Drawing A Better Map: Recent Advances in Protein Digestion and Peptide Mapping


LCGC Asia Pacific

LCGC Asia PacificLCGC Asia Pacific-03-01-2019
Volume 22
Issue 1
Pages: 28–33

Biotherapeutics have become the hottest topic in pharmaceutical research over the past decade. With the increased interest in biotherapeutics, there has been a concomitant increase in new analytical methods for characterizing these large, complex molecules. This installment of “Column Watch” discusses advances in “bottom-up” analysis of monoclonal antibodies, while highlighting the role and importance column chemistry still plays in developing highly selective high-performance liquid chromatography (HPLC) methods for peptides.

Biotherapeutics have become the hottest topic in pharmaceutical research over the past decade. With the increased interest in biotherapeutics, there has been a concomitant increase in new analytical methods for characterizing these large, complex molecules. This installment of “Column Watch” discusses advances in “bottom-up” analysis of monoclonal antibodies, while highlighting the role and importance column chemistry still plays in developing highly selective high-performance liquid chromatography (HPLC) methods for peptides.

Monoclonal antibodies (mAbs) are a type of biotherapeutic that is seeing a high degree of interest from academia and industry. Since the first approval in 1986, nearly 60 antibodies have been manufactured and commercialized up until 2015. 2016 alone was a banner year for antibody-based therapeutics, as the FDA approved seven therapeutic antibodies as new molecular entities: monoclonal antibodies are used to fight a plethora of diseases ranging from inflammatory conditions (1), autoimmune diseases (2), various types of cancers (3), and other infectious and neurological diseases (4).

Monoclonal antibodies are complex molecular entities with molecular weights of approximately 150 kDa. These molecules are composed of amino acids that are connected through amide (peptide) bonds. Monoclonal antibodies are expressed in cell culture systems, meaning that these molecules are susceptible to an entire suite of post-translational modifications (PTMs) of an enzymatic or non-enzymatic nature. The most common PTMs to a mAb include N-terminal pyroglutamate formation, methionine oxidation, asparagine deamidation, aspartic acid isomerization, C-terminal lysine truncation, and glycosylation (5). As a result of the susceptibility of mAbs to be modified, the resultant product, directly from the expression system, is often a heterogeneous mixture of variants of the mAb. This high degree of complexity of the resultant product necessitates the need for analytical methods for characterizing mAbs.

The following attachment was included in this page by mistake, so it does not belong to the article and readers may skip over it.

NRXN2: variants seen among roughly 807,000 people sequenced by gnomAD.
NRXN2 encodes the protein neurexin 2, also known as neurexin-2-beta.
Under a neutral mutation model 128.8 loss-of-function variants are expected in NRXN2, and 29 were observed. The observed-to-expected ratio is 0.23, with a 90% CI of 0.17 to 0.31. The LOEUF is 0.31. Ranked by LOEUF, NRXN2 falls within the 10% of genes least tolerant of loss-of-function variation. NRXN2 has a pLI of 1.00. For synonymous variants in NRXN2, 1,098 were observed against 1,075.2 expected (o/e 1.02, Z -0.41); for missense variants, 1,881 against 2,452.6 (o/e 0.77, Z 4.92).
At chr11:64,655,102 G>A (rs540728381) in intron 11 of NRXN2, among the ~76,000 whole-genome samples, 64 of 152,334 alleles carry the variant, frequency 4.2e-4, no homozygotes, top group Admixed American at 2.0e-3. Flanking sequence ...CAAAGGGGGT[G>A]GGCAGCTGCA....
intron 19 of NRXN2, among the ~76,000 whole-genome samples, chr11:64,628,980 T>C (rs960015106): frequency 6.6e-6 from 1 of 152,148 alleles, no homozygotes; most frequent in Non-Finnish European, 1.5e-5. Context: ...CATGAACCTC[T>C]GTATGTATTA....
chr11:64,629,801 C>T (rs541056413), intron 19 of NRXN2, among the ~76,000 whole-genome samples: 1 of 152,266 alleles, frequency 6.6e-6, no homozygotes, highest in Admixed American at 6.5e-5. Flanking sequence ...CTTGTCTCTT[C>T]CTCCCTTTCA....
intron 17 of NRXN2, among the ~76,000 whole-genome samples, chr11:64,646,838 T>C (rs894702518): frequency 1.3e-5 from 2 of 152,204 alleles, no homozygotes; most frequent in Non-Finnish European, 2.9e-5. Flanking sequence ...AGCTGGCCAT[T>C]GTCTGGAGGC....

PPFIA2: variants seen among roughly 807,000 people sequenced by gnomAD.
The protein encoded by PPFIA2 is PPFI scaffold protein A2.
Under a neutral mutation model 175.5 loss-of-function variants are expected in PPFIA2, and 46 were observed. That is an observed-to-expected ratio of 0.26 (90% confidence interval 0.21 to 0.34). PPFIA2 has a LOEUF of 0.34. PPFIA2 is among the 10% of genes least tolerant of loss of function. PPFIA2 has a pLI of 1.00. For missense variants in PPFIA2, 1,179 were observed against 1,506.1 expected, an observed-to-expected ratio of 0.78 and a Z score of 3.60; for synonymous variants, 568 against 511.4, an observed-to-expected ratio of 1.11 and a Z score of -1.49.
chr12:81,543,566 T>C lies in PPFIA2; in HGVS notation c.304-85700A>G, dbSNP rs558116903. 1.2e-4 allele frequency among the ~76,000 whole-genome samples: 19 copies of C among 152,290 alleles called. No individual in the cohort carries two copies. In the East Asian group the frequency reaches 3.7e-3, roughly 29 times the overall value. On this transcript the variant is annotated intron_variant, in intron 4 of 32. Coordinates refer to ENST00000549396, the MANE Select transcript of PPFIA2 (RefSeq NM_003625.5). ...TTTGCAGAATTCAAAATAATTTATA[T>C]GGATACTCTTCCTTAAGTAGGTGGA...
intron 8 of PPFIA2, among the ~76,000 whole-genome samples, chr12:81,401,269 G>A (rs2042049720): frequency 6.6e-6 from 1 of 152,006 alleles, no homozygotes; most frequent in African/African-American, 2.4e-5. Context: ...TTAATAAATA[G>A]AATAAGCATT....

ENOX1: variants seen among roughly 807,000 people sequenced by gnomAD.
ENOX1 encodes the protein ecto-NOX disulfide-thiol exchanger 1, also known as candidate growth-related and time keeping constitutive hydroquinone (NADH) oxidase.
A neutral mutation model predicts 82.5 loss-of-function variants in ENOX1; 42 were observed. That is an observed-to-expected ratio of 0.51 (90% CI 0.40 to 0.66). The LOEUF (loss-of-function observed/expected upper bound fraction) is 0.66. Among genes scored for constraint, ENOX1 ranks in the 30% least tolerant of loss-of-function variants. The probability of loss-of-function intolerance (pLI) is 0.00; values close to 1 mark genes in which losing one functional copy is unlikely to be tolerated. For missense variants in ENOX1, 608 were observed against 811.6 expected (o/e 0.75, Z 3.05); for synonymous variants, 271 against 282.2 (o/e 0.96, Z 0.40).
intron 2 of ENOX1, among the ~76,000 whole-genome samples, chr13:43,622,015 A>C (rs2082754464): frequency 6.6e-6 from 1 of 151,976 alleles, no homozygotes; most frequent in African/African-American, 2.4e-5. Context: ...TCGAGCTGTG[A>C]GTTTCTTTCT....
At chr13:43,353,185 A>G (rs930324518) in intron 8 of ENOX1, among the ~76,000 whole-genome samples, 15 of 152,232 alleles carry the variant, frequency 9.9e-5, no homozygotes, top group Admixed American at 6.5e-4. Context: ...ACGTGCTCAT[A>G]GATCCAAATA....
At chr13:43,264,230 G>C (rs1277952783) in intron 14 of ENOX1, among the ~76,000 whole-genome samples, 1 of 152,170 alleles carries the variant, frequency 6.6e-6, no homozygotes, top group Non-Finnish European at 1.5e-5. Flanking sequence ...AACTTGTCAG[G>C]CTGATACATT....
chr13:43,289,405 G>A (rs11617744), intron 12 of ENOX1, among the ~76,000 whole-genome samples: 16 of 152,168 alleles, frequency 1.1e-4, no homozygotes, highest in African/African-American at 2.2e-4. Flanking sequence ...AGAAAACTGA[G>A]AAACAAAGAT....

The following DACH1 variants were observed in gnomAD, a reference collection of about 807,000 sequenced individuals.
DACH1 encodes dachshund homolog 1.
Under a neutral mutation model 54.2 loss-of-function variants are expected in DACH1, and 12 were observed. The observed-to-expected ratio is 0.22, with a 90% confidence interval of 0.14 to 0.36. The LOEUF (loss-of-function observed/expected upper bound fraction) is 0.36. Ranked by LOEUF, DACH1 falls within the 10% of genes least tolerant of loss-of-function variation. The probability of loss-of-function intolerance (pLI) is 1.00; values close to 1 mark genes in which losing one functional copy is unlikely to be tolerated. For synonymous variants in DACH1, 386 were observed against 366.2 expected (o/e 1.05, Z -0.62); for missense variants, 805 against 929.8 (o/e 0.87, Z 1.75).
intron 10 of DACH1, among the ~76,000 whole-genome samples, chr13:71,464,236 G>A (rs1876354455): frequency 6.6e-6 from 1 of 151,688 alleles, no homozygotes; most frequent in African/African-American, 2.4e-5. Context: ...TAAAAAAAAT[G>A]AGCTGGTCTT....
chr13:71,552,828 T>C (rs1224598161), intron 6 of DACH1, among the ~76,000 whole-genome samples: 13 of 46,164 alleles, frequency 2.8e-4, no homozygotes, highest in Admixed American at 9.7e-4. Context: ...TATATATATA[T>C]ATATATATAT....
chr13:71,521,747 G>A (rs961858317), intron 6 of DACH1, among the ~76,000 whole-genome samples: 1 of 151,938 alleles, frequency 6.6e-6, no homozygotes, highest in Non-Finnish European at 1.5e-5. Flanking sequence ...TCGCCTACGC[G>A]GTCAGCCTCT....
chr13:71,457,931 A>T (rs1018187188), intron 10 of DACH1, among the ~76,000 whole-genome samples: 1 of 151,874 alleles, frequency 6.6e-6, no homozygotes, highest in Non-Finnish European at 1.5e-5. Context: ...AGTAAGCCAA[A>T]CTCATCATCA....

One of the most useful techniques for characterizing post-translational modifications is to perform “bottom-up” analyses of proteins or mAbs, also called peptide mapping. In peptide mapping, the mAb is digested by a protease, like trypsin, into peptides. These peptides are subsequently separated and identified by liquid chromatography–mass spectrometry (LC–MS). However, because of the complex folding and disulfide bonding present with mAbs, before digestion occurs, these proteins are typically denatured, or unfolded, to allow full access of the protease to the consensus sequence on the protein. In addition, disulfide bonds are reduced and alkylated to prevent spontaneous refolding of the protein. Once these steps are completed, the protease is added to the sample, and the digestion reaction can proceed from anywhere between four to twenty-four hours. After this pre-determined amount of time, the reaction is quenched by addition of formic acid, and the resultant sample is diluted and prepared for reversed-phase LC analysis.


The process of digesting a protein, though, can lend itself to artifacts in the peptide mapping results. Usually, this is observed through additional methionine oxidation and asparagine deamidation that is not due to the inherent cellular machinery used to express the mAb.  Heating of the digested sample over an extended period, over digestion by the protease, and reactive intermediates generated during the digestion reacting with peptides may cause artefactual modifications of the peptides (6).

Peptide maps of proteins can have anywhere from tens to hundreds of peaks. Therefore, chromatographic methods with high resolving ability or peak capacity are a necessity. One way to calculate resolution is through Equation 1, where Rs is resolution, ∆tR is differential migration, and WA and WB are the peak widths of analyte A and B, respectively.

Rs = ∆tR/0.5(WA + WB)          [1]

Resolution of peaks in a chromatographic separation comes from two factors: a thermodynamic (chemical) factor, and a kinetic (physical) factor. The kinetic factor (the denominator of Equation 1) is due mostly to the particle architecture and how well the column is packed.  For proteins, the advent of superficially porous particles (SPPs) has drastically increased the efficiency of methods that were originally developed on fully porous particles (FPPs). For more information on why such advantages are present with SPP-packed columns, the interested reader may consult the following review articles (7, 8).